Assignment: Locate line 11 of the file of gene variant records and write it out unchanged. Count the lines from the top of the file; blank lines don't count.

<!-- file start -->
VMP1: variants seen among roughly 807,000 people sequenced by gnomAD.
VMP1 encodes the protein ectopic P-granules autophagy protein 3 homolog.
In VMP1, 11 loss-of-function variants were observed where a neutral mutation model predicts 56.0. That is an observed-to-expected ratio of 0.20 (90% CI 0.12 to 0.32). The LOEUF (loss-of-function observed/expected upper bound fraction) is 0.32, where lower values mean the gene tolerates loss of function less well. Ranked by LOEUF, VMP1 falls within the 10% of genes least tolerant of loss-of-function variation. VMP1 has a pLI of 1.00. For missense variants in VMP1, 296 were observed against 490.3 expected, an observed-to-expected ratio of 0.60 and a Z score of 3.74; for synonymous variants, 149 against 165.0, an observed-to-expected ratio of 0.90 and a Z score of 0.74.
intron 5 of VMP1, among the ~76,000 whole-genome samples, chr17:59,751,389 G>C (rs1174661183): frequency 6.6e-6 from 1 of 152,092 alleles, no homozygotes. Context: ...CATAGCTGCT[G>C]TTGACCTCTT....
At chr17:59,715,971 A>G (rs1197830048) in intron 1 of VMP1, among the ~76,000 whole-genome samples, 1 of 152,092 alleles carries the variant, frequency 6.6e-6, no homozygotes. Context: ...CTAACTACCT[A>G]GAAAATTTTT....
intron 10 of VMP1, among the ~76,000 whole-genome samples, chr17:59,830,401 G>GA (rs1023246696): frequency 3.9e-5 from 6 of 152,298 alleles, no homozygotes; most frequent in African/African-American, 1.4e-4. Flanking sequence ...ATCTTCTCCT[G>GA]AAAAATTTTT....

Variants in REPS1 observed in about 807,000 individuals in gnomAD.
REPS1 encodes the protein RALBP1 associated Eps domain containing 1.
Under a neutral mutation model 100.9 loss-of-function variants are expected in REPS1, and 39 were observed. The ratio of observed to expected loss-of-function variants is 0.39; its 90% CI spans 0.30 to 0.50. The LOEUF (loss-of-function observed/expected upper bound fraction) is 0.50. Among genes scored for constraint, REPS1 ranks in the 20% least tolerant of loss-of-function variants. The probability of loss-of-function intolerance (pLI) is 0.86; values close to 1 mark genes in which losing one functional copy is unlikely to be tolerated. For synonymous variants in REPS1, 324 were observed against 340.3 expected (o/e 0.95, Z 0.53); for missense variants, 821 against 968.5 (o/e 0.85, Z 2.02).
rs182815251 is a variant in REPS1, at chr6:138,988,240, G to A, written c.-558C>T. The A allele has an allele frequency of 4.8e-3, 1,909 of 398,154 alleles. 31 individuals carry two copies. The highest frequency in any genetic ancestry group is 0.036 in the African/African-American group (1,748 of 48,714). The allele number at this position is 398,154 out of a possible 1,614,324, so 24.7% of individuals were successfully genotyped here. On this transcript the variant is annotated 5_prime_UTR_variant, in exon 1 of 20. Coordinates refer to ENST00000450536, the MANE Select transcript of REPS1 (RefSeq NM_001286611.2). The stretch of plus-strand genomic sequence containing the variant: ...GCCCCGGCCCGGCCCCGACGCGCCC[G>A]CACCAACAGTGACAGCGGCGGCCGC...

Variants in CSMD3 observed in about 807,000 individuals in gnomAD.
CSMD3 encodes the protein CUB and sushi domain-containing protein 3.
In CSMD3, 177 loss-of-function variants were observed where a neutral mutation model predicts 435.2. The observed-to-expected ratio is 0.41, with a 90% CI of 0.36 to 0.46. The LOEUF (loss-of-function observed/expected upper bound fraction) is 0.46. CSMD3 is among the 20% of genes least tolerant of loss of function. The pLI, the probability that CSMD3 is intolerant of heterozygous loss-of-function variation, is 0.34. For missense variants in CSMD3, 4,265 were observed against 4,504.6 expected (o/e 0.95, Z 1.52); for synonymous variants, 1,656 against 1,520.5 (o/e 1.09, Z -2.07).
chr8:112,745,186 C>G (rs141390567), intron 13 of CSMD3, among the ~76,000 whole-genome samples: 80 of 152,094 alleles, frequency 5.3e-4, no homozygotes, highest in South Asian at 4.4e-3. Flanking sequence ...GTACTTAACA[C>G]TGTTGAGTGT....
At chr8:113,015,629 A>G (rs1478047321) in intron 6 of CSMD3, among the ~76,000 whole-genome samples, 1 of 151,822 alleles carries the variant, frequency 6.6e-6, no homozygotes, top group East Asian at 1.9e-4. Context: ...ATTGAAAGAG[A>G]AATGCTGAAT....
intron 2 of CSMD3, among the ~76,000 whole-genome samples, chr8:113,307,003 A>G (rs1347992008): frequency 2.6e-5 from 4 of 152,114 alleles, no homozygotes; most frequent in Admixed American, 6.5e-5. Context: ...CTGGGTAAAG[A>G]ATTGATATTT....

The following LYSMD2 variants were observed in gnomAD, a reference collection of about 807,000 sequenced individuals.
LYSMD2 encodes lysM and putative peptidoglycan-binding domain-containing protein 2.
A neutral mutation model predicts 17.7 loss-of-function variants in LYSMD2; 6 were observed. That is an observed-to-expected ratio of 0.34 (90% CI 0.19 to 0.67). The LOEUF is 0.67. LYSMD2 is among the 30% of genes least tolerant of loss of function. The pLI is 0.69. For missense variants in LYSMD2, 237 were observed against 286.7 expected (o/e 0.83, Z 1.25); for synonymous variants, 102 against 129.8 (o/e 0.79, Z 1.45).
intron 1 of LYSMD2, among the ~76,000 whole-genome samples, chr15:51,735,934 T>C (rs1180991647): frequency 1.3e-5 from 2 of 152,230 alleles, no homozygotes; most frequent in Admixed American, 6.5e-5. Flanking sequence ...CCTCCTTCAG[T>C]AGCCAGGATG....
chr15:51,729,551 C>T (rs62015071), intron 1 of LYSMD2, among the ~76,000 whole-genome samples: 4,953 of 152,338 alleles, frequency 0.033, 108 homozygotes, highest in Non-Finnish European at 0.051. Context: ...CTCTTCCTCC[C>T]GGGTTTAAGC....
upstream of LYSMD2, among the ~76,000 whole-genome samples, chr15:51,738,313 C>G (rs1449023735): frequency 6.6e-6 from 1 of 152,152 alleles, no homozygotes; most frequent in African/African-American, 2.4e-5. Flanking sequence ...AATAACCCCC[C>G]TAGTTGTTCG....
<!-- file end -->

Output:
Variants in CSMD3 observed in about 807,000 individuals in gnomAD.